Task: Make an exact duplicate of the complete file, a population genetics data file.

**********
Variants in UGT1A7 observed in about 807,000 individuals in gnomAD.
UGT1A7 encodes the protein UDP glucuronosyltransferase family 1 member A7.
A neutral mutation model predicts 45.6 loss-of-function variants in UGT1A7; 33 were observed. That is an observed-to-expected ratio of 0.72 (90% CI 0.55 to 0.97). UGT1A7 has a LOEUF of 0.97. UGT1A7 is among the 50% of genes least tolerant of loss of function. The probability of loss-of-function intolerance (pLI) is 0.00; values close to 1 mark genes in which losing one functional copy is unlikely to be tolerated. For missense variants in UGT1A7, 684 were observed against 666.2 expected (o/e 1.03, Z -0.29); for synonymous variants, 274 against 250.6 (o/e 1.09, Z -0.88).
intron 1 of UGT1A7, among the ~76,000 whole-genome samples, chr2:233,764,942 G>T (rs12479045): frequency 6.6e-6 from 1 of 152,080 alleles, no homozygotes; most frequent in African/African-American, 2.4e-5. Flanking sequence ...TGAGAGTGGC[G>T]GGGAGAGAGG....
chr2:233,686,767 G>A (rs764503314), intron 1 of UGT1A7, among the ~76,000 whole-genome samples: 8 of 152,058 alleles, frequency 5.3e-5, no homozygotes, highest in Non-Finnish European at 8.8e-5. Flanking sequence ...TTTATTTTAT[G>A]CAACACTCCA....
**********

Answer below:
Variants in UGT1A7 observed in about 807,000 individuals in gnomAD.
UGT1A7 encodes the protein UDP glucuronosyltransferase family 1 member A7.
A neutral mutation model predicts 45.6 loss-of-function variants in UGT1A7; 33 were observed. That is an observed-to-expected ratio of 0.72 (90% CI 0.55 to 0.97). UGT1A7 has a LOEUF of 0.97. UGT1A7 is among the 50% of genes least tolerant of loss of function. The probability of loss-of-function intolerance (pLI) is 0.00; values close to 1 mark genes in which losing one functional copy is unlikely to be tolerated. For missense variants in UGT1A7, 684 were observed against 666.2 expected (o/e 1.03, Z -0.29); for synonymous variants, 274 against 250.6 (o/e 1.09, Z -0.88).
intron 1 of UGT1A7, among the ~76,000 whole-genome samples, chr2:233,764,942 G>T (rs12479045): frequency 6.6e-6 from 1 of 152,080 alleles, no homozygotes; most frequent in African/African-American, 2.4e-5. Flanking sequence ...TGAGAGTGGC[G>T]GGGAGAGAGG....
chr2:233,686,767 G>A (rs764503314), intron 1 of UGT1A7, among the ~76,000 whole-genome samples: 8 of 152,058 alleles, frequency 5.3e-5, no homozygotes, highest in Non-Finnish European at 8.8e-5. Flanking sequence ...TTTATTTTAT[G>A]CAACACTCCA....